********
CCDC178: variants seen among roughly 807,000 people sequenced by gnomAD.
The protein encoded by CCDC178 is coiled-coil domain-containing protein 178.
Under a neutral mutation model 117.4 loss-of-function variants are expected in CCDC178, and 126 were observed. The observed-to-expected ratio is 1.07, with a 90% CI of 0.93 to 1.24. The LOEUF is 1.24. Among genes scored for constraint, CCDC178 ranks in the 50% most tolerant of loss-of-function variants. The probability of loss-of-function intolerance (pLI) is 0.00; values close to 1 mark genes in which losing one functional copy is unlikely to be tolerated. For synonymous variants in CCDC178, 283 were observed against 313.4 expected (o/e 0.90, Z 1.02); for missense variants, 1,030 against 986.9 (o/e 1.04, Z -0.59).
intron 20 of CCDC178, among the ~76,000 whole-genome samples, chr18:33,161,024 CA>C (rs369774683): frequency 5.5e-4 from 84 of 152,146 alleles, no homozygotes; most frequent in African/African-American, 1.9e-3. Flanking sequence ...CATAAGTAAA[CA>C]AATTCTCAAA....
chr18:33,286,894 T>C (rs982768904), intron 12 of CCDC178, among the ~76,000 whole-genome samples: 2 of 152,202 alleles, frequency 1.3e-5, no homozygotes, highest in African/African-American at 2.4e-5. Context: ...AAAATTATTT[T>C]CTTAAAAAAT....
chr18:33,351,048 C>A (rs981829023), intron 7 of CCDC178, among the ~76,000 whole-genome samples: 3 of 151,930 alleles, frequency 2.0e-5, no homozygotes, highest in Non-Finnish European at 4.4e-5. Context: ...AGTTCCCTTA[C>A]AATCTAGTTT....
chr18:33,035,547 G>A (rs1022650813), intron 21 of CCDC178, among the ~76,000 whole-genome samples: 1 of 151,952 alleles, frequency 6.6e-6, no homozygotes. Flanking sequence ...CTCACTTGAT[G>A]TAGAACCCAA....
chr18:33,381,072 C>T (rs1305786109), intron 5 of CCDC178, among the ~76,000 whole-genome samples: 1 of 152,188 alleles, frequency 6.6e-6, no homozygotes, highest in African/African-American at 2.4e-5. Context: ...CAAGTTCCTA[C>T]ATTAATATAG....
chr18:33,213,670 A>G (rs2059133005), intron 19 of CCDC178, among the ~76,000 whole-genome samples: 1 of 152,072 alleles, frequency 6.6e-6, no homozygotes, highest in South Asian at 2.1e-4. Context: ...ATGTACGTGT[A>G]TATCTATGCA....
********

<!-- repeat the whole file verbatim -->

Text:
CCDC178: variants seen among roughly 807,000 people sequenced by gnomAD.
The protein encoded by CCDC178 is coiled-coil domain-containing protein 178.
Under a neutral mutation model 117.4 loss-of-function variants are expected in CCDC178, and 126 were observed. The observed-to-expected ratio is 1.07, with a 90% CI of 0.93 to 1.24. The LOEUF is 1.24. Among genes scored for constraint, CCDC178 ranks in the 50% most tolerant of loss-of-function variants. The probability of loss-of-function intolerance (pLI) is 0.00; values close to 1 mark genes in which losing one functional copy is unlikely to be tolerated. For synonymous variants in CCDC178, 283 were observed against 313.4 expected (o/e 0.90, Z 1.02); for missense variants, 1,030 against 986.9 (o/e 1.04, Z -0.59).
intron 20 of CCDC178, among the ~76,000 whole-genome samples, chr18:33,161,024 CA>C (rs369774683): frequency 5.5e-4 from 84 of 152,146 alleles, no homozygotes; most frequent in African/African-American, 1.9e-3. Flanking sequence ...CATAAGTAAA[CA>C]AATTCTCAAA....
chr18:33,286,894 T>C (rs982768904), intron 12 of CCDC178, among the ~76,000 whole-genome samples: 2 of 152,202 alleles, frequency 1.3e-5, no homozygotes, highest in African/African-American at 2.4e-5. Context: ...AAAATTATTT[T>C]CTTAAAAAAT....
chr18:33,351,048 C>A (rs981829023), intron 7 of CCDC178, among the ~76,000 whole-genome samples: 3 of 151,930 alleles, frequency 2.0e-5, no homozygotes, highest in Non-Finnish European at 4.4e-5. Context: ...AGTTCCCTTA[C>A]AATCTAGTTT....
chr18:33,035,547 G>A (rs1022650813), intron 21 of CCDC178, among the ~76,000 whole-genome samples: 1 of 151,952 alleles, frequency 6.6e-6, no homozygotes. Flanking sequence ...CTCACTTGAT[G>A]TAGAACCCAA....
chr18:33,381,072 C>T (rs1305786109), intron 5 of CCDC178, among the ~76,000 whole-genome samples: 1 of 152,188 alleles, frequency 6.6e-6, no homozygotes, highest in African/African-American at 2.4e-5. Context: ...CAAGTTCCTA[C>T]ATTAATATAG....
chr18:33,213,670 A>G (rs2059133005), intron 19 of CCDC178, among the ~76,000 whole-genome samples: 1 of 152,072 alleles, frequency 6.6e-6, no homozygotes, highest in South Asian at 2.1e-4. Context: ...ATGTACGTGT[A>G]TATCTATGCA....